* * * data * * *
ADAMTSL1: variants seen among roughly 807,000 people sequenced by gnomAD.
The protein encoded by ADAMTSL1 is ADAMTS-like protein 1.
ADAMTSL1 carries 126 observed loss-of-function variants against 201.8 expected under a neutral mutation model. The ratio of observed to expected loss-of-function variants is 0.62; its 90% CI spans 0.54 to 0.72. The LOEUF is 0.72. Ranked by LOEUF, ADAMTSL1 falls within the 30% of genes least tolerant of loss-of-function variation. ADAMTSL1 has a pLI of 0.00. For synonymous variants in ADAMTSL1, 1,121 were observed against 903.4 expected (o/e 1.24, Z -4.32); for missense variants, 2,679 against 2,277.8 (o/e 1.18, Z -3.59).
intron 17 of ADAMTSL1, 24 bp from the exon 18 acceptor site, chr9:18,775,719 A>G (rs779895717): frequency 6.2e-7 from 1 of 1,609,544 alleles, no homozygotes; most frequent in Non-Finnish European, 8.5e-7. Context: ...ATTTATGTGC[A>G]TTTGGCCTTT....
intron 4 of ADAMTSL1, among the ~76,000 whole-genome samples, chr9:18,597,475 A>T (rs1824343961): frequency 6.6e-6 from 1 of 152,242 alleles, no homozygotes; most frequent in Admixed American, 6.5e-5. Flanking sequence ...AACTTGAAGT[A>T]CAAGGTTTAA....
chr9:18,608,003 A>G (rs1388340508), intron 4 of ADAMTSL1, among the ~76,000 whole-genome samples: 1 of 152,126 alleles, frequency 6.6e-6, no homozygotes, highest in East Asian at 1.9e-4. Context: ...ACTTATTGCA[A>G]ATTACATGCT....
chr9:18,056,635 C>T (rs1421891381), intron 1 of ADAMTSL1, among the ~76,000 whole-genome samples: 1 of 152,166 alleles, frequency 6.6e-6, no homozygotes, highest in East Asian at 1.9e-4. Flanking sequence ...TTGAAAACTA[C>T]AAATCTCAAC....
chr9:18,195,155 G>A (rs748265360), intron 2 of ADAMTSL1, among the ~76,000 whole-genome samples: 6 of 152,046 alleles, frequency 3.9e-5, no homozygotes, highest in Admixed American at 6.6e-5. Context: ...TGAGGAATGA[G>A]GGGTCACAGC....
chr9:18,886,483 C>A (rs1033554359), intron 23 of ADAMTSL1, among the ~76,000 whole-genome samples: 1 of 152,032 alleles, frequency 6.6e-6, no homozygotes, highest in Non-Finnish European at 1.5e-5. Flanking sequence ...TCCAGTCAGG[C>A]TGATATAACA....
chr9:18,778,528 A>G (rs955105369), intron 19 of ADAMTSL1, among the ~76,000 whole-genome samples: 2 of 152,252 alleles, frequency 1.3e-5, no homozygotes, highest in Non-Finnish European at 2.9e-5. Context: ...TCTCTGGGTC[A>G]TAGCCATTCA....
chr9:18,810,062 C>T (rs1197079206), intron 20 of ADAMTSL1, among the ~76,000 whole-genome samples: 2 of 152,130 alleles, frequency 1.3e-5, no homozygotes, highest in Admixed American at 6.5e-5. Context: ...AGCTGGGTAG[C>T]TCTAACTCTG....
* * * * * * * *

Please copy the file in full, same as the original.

ADAMTSL1: variants seen among roughly 807,000 people sequenced by gnomAD.
The protein encoded by ADAMTSL1 is ADAMTS-like protein 1.
ADAMTSL1 carries 126 observed loss-of-function variants against 201.8 expected under a neutral mutation model. The ratio of observed to expected loss-of-function variants is 0.62; its 90% CI spans 0.54 to 0.72. The LOEUF is 0.72. Ranked by LOEUF, ADAMTSL1 falls within the 30% of genes least tolerant of loss-of-function variation. ADAMTSL1 has a pLI of 0.00. For synonymous variants in ADAMTSL1, 1,121 were observed against 903.4 expected (o/e 1.24, Z -4.32); for missense variants, 2,679 against 2,277.8 (o/e 1.18, Z -3.59).
intron 17 of ADAMTSL1, 24 bp from the exon 18 acceptor site, chr9:18,775,719 A>G (rs779895717): frequency 6.2e-7 from 1 of 1,609,544 alleles, no homozygotes; most frequent in Non-Finnish European, 8.5e-7. Context: ...ATTTATGTGC[A>G]TTTGGCCTTT....
intron 4 of ADAMTSL1, among the ~76,000 whole-genome samples, chr9:18,597,475 A>T (rs1824343961): frequency 6.6e-6 from 1 of 152,242 alleles, no homozygotes; most frequent in Admixed American, 6.5e-5. Flanking sequence ...AACTTGAAGT[A>T]CAAGGTTTAA....
chr9:18,608,003 A>G (rs1388340508), intron 4 of ADAMTSL1, among the ~76,000 whole-genome samples: 1 of 152,126 alleles, frequency 6.6e-6, no homozygotes, highest in East Asian at 1.9e-4. Context: ...ACTTATTGCA[A>G]ATTACATGCT....
chr9:18,056,635 C>T (rs1421891381), intron 1 of ADAMTSL1, among the ~76,000 whole-genome samples: 1 of 152,166 alleles, frequency 6.6e-6, no homozygotes, highest in East Asian at 1.9e-4. Flanking sequence ...TTGAAAACTA[C>T]AAATCTCAAC....
chr9:18,195,155 G>A (rs748265360), intron 2 of ADAMTSL1, among the ~76,000 whole-genome samples: 6 of 152,046 alleles, frequency 3.9e-5, no homozygotes, highest in Admixed American at 6.6e-5. Context: ...TGAGGAATGA[G>A]GGGTCACAGC....
chr9:18,886,483 C>A (rs1033554359), intron 23 of ADAMTSL1, among the ~76,000 whole-genome samples: 1 of 152,032 alleles, frequency 6.6e-6, no homozygotes, highest in Non-Finnish European at 1.5e-5. Flanking sequence ...TCCAGTCAGG[C>A]TGATATAACA....
chr9:18,778,528 A>G (rs955105369), intron 19 of ADAMTSL1, among the ~76,000 whole-genome samples: 2 of 152,252 alleles, frequency 1.3e-5, no homozygotes, highest in Non-Finnish European at 2.9e-5. Context: ...TCTCTGGGTC[A>G]TAGCCATTCA....
chr9:18,810,062 C>T (rs1197079206), intron 20 of ADAMTSL1, among the ~76,000 whole-genome samples: 2 of 152,130 alleles, frequency 1.3e-5, no homozygotes, highest in Admixed American at 6.5e-5. Context: ...AGCTGGGTAG[C>T]TCTAACTCTG....